In-sook (played by Ryu Hyun-kyung) is an artist in her thirties who has returned to South Korea after a long stint in Denmark as "Gisele", a personality enamored with abstract compositions and also acting generally antisocial and unpleasant. No really, Gisele has this fantastic talent for sabotaging herself at every turn. First it's getting drunk and antagonizing the renowned art critic Joong-sik (played by Lee Soon-jae). Then it's getting drunk and belittling art dealer Jae-beom (played by Park Jung-min). You can perhaps see the pattern behind Gisele's failures in life.
But "The Artist: Reborn", aside from the obvious literal interpretation, is a movie that prides itself on imagining what art is and what, for that matter, is the point of the weird little nicknames artists create for themselves. The answer to that question is a bit more base than you're probably expecting. They want recognition. In-sook created Giselle because she thought a cool-sounding foreign name would attract attention. It didn't really work.
What does work is actually having confidence in the power of her artwork to interest people. Anyone who sees Gisele's artwork is clearly very sincerely impressed. All right, admittedly Jae-beom isn't really a good enough appraiser of art to really say anything more than "it's good", but that's pretty much where I was too. Gisele's artwork is very symmetrical and is constructed with very clean shapes in mind. I find it pleasing to look at. And that's pretty much it.
For In-sook, though, art is not something that exists to impress other people. It it supposed to be an expression of her individuality, her personal experience. That's what really brings In-sook down on a day-by-day basis. Observe the normal job interview In-sook has early on. A later scene makes it explicitly clear that, ironic though it may seem, In-sook really did want that job. It wasn't because she cared about the money, or the conformity. In-sook just likes being recognized.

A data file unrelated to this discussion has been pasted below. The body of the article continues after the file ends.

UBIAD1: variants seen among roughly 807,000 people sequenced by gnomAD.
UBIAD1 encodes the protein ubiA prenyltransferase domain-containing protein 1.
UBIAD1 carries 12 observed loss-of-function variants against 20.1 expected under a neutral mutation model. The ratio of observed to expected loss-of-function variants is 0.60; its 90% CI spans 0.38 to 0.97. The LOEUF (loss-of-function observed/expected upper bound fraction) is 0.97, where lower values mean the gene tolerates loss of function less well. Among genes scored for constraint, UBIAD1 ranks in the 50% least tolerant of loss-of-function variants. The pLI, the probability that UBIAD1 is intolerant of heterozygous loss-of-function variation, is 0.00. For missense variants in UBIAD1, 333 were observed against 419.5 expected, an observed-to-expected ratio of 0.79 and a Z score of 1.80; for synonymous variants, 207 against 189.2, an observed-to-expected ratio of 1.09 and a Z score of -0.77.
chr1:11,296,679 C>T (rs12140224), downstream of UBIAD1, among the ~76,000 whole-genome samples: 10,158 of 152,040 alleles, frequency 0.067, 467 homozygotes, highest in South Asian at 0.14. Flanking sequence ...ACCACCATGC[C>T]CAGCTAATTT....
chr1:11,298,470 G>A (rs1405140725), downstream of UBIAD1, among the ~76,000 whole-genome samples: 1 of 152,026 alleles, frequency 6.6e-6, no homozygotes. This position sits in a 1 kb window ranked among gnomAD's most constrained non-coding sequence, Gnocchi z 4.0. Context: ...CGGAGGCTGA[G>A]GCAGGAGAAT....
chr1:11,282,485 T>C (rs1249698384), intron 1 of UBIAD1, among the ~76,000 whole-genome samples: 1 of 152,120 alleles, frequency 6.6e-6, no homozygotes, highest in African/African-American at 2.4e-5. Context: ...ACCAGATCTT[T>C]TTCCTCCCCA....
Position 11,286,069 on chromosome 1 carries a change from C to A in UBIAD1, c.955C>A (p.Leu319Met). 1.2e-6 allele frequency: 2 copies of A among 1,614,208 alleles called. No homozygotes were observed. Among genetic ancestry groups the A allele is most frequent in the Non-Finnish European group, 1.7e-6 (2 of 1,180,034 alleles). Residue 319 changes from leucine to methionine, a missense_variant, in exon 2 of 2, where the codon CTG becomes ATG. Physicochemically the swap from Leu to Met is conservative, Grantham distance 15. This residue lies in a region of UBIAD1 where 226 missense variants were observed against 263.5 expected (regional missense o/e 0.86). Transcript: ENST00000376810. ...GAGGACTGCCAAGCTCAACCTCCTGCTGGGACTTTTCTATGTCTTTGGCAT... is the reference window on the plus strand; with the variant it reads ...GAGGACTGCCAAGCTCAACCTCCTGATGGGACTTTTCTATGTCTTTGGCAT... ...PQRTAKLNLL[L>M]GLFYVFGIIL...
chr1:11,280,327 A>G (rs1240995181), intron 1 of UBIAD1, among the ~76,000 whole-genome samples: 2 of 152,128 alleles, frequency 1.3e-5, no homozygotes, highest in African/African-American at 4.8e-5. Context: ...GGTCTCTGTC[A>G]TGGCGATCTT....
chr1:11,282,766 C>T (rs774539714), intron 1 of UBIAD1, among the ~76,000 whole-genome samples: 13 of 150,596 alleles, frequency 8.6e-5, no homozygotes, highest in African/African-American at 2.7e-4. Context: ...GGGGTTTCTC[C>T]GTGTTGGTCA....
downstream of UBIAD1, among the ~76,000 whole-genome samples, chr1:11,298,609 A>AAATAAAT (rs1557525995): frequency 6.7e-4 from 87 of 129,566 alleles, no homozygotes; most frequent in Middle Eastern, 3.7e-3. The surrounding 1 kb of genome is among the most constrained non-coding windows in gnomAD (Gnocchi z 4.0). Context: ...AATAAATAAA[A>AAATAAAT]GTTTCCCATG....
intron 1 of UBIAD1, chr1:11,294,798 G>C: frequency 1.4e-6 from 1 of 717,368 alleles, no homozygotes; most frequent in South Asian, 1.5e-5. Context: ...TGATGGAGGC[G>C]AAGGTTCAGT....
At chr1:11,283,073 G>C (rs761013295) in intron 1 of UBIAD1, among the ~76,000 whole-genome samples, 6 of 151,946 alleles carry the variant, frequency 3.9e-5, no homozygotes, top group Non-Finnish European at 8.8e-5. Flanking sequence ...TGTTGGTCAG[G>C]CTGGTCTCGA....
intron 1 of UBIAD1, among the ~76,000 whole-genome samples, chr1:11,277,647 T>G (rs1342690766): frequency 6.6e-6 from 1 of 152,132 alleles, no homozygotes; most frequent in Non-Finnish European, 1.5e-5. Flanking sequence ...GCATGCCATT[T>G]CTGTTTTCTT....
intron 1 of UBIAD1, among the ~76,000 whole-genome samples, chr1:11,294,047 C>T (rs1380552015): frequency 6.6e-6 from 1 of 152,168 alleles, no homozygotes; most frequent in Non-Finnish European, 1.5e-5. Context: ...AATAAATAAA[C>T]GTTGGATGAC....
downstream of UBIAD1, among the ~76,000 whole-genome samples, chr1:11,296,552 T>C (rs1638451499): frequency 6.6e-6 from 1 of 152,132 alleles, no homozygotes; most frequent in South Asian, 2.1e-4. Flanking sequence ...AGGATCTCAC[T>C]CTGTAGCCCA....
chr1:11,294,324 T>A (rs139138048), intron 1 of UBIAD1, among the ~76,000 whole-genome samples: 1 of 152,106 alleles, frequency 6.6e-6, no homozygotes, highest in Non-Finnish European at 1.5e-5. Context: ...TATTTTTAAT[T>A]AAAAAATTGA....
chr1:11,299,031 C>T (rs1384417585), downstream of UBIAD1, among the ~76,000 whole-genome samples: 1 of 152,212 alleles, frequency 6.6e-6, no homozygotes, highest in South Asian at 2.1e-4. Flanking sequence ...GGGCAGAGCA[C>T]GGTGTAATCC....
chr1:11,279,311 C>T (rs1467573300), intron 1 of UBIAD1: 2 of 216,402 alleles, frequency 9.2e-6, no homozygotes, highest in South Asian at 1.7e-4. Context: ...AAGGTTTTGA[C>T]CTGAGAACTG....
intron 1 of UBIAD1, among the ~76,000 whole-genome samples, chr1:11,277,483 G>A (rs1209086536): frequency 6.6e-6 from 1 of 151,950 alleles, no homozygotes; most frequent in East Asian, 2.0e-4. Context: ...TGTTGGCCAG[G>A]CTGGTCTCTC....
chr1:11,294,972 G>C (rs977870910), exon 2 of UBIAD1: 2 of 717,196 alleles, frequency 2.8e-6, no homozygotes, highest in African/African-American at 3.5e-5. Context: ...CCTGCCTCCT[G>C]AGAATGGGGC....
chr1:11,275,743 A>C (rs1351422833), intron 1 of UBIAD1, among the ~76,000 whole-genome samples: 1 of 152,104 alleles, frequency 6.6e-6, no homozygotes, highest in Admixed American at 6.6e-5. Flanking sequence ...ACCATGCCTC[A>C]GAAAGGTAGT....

Bear in mind that the grander artistic sentiments of "The Artist: Reborn" may take a moment to really settle in, since the rather raunchy first act consists of Gisele acting outrageously with such choice dialog as "what happened to all the pubic hair". Then there's the second act, where Jae-beom comes up with a plan so elaborate that its inevitable failure should have come off as obvious far, far sooner than it did. It's only the third act where In-sook's mentality starts to be taken seriously, and we have to reconcile Gisele's unpleasantness with Jae-beom's and wonder, which is the worse character?
I actually liked Jae-beom for quite awhile, since unlike Gisele, it's possible to have a mostly civil conversation with him. So I was all the more impressed with how director Kim Kyeong-won managed to subtly transition the story in such a way that allowed In-sook to reclaim her personal dignity even as Jae-beom seems to lose all comprehension of the term. "The Artist: Reborn" is quite a bit of fun, and definitely worth watching and thinking about.
Review by William Schwartz
Staff writer. Has been writing articles for HanCinema since 2012, having lived in South Korea since 2011. Started out in Gyeongju, then to Daegu, then to Ansan, then to Yeongju, then to Seoul, lived on the road for HanCinema's travel diaries series in the summer of 2016, and is currently settled in Anyang. Has good tips for utilizing South Korea's public bus system. William Schwartz can be contacted via firstname.lastname@example.org.
"[HanCinema's Film Review] "The Artist: Reborn""
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